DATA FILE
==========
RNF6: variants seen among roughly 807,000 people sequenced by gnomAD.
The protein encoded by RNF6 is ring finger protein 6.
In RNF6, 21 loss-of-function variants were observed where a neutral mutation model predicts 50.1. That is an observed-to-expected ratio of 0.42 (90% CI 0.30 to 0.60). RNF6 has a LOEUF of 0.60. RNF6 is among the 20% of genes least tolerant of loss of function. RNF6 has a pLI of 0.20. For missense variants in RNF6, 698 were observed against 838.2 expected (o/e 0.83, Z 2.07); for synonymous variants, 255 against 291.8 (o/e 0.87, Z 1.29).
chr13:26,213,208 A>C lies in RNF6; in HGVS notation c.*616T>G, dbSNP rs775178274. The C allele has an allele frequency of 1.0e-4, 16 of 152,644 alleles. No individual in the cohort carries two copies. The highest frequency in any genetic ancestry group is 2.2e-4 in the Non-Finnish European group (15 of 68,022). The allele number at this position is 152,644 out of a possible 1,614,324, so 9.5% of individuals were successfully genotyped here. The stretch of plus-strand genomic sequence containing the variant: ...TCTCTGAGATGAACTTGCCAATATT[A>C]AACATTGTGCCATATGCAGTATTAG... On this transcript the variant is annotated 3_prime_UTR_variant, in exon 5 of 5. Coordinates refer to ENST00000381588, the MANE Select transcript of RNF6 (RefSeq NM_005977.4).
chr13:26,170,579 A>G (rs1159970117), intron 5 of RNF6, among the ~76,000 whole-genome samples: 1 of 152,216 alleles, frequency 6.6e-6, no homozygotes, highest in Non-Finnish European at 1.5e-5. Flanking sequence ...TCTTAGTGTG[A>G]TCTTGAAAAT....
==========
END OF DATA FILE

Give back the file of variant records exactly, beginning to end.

RNF6: variants seen among roughly 807,000 people sequenced by gnomAD.
The protein encoded by RNF6 is ring finger protein 6.
In RNF6, 21 loss-of-function variants were observed where a neutral mutation model predicts 50.1. That is an observed-to-expected ratio of 0.42 (90% CI 0.30 to 0.60). RNF6 has a LOEUF of 0.60. RNF6 is among the 20% of genes least tolerant of loss of function. RNF6 has a pLI of 0.20. For missense variants in RNF6, 698 were observed against 838.2 expected (o/e 0.83, Z 2.07); for synonymous variants, 255 against 291.8 (o/e 0.87, Z 1.29).
chr13:26,213,208 A>C lies in RNF6; in HGVS notation c.*616T>G, dbSNP rs775178274. The C allele has an allele frequency of 1.0e-4, 16 of 152,644 alleles. No individual in the cohort carries two copies. The highest frequency in any genetic ancestry group is 2.2e-4 in the Non-Finnish European group (15 of 68,022). The allele number at this position is 152,644 out of a possible 1,614,324, so 9.5% of individuals were successfully genotyped here. The stretch of plus-strand genomic sequence containing the variant: ...TCTCTGAGATGAACTTGCCAATATT[A>C]AACATTGTGCCATATGCAGTATTAG... On this transcript the variant is annotated 3_prime_UTR_variant, in exon 5 of 5. Coordinates refer to ENST00000381588, the MANE Select transcript of RNF6 (RefSeq NM_005977.4).
chr13:26,170,579 A>G (rs1159970117), intron 5 of RNF6, among the ~76,000 whole-genome samples: 1 of 152,216 alleles, frequency 6.6e-6, no homozygotes, highest in Non-Finnish European at 1.5e-5. Flanking sequence ...TCTTAGTGTG[A>G]TCTTGAAAAT....